William James said that to be alone is one of the greatest evils for a human being.  Being targeted by others as unworthy- whether it is because of the color of our skin, our religious beliefs, the clothes we wear, our sexuality, or our experiences of grief-  does not only affect the person or group being targeted.  When we act against another, we act against ourselves. When we disregard another, we disregard ourselves. Compassion for all. Kindness to everyone. In it's best state, language should express love, acceptance, and tolerance, not hate and rejection.

"Man did not weave the web of life - he is merely a strand in it.
Whatever he does to the web, he does to himself."

Chief Seattle, 1854

Friday, May 2, 2008

People Green

The current political current has turned green: Attention has turned toward Mother Earth, taking care of the planet- it's what I've always thought of as walking gently on our planet.

I've been a gentle walker since I can remember. When I was in the 6th grade, I went house-to-house garnering signatures for a Save the Whales campaign. I wrote letters to the-then-President Jimmy Carter about the need to recycle waste.  I refused to eat animals or kill bugs (see the below ladybug blog).  Back then, it wasn't vogue, and they didn't call it being green. They had other, less prepossessing, names for people who held those values.  

Today, many more people and institutions have gone green. We're realizing the impact that human beings have on our environment, from factory farming to the massively unethical corporatization of food to the decimation of the rain forests. Even churches have jumped on board the green wagon.  This is such an important time in history for people-- time to connect with our Mother Earth-- time to take care of this beautiful planet our children's children will inherit from us. Time to walk gently on this planet. It's long overdue.

In a society of consumerism and selfish indulgences, I was thinking how, as our Green IQ rises in society, we can translate that over to being people green. Being earth-friendly is necessary: But how do we walk gently with others? How do we see ourselves in the world in relationship with others.  Our People IQ suffers a lot in the West. 

I see this particularly with the bereaved. One mother who lost her son to suicide began telling people he died in a car crash. Why? Because others flooded her with painful remarks, assigning guilt to her as a mother and excusing his death because it was perceived as self-inflicted. I see this when a young baby dies and someone responds recklessly with, "At least you're young. You can have another", as if children are interchangeable and replaceable. I even see it in day-to-day relationships when one person's feelings or opinions are rejected by another, rather than respected.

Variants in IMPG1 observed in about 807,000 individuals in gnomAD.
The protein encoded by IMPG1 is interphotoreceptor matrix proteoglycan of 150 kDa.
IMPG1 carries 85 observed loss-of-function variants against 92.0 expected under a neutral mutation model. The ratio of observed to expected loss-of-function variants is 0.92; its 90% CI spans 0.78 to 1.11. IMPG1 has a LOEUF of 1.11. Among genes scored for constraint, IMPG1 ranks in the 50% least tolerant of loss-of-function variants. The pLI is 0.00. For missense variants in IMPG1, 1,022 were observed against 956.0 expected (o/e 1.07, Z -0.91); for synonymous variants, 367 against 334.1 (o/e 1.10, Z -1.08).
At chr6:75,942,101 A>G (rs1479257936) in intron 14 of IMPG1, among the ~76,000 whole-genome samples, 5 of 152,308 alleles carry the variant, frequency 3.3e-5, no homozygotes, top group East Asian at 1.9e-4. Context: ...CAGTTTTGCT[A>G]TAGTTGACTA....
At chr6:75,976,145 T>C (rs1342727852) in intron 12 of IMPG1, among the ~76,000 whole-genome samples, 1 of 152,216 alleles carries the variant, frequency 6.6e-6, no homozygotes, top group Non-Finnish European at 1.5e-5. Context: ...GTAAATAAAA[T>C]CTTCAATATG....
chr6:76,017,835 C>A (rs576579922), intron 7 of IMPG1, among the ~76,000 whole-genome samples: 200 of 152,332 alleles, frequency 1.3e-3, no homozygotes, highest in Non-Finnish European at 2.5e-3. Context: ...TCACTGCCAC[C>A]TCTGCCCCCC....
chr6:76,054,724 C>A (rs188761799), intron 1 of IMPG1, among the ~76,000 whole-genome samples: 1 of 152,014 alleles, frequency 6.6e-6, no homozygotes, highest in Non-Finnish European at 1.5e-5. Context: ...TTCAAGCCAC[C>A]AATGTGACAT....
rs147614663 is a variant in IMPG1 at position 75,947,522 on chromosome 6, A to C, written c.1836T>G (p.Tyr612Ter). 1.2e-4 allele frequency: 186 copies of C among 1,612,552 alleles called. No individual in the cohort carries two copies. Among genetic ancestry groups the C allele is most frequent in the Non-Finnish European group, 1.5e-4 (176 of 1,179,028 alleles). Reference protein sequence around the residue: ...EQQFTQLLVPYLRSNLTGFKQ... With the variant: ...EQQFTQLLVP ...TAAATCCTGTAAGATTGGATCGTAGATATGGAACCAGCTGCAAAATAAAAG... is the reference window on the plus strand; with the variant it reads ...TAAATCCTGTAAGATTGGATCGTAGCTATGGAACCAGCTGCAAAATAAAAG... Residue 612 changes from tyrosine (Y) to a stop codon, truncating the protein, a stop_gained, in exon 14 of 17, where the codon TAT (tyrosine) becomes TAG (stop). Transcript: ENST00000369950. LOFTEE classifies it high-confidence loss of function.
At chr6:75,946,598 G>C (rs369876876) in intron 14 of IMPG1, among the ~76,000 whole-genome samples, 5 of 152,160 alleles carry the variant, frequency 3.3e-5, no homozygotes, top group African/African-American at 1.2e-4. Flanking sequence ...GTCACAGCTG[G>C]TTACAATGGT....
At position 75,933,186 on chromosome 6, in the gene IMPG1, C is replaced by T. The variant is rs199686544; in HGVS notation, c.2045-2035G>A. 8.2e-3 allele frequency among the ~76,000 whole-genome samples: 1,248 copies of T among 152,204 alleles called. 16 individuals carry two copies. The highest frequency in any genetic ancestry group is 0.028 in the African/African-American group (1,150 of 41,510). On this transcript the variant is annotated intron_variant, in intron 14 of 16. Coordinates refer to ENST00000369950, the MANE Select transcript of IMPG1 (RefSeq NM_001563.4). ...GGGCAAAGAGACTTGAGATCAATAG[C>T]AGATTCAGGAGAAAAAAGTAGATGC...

What brought our society around to an increased sensitivity to the environment is an awareness about the earth and it's vulnerability.  Awareness triggers mindfulness. When we are mindful we are in the moment. Really in the moment. Aware of ourselves, our surroundings, our actions and inactions, and mostly our effects on our surroundings. Other human beings are a part of those surroundings. Are human beings not also worthy of this mindfulness? Should we not also be mindful how what we say and do- how we treat others- affects them?

Mindful living with one another may help improve our relationships, even those transitory in nature. Even the way we interact with the grocery clerk or a fellow driver can have a lasting effect- it's Physics 101- every action has an effect. Will the effect I have on both the earth and those with whom I share it be one worthy of pride or of shame?  Imagine if, in every interaction we considered this...what would the world look like?

Really, it begins with paying attention. How are you in this world? Once you recognize yourself in this world, see yourself for who you are, actions can then follow. It's the power of presence, and it benefits both nature and humanity. While for me, it can be a challenge to really live this mantra each day, I try to stay in the moment and value every interaction, both with nature and with human beings. It's something for which I try to remain mindful, each and every day. 

Turn your attention toward Mother Earth and walk gently on her. She is worthy. 

And also, turn your attention toward your fellow humans and walk gently with them. They, too, are worthy.

Be gentle and not cruel.
Embrace humility more than arrogance.
Thank others more than you accept thanks.
Feel compassion more than apathy.
See what others ignore.
Hold others close more than you push them aside.
Learn more than you teach.
Be present more than absent.
Give more than you take.
-Joanne Cacciatore

So, mindfulness will not conflict with any beliefs or traditions — religious or for that matter scientific — nor is it trying to sell you anything, especially not a new belief system or ideology. It is simply a practical way to be more in touch with the fullness of your being through a systematic process of self-observation, self-inquiry, and mindful action. There is nothing cold, analytical, or unfeeling about it. The overall tenor of mindfulness is gentle, appreciative, and nurturing. Another way to think of it would be “heartfulness.”
— Wherever You Go, There You Are


The soul still sings in the darkness telling of the beauty she found there; and daring us not to think that because she passed through such tortures of anguish, doubt, dread, and horror, as has been said, she ran any the more danger of being lost in the night. Nay, in the darkness did she, rather, find herself.

--St. John, Dark Night of the Soul

Follow me on Facebook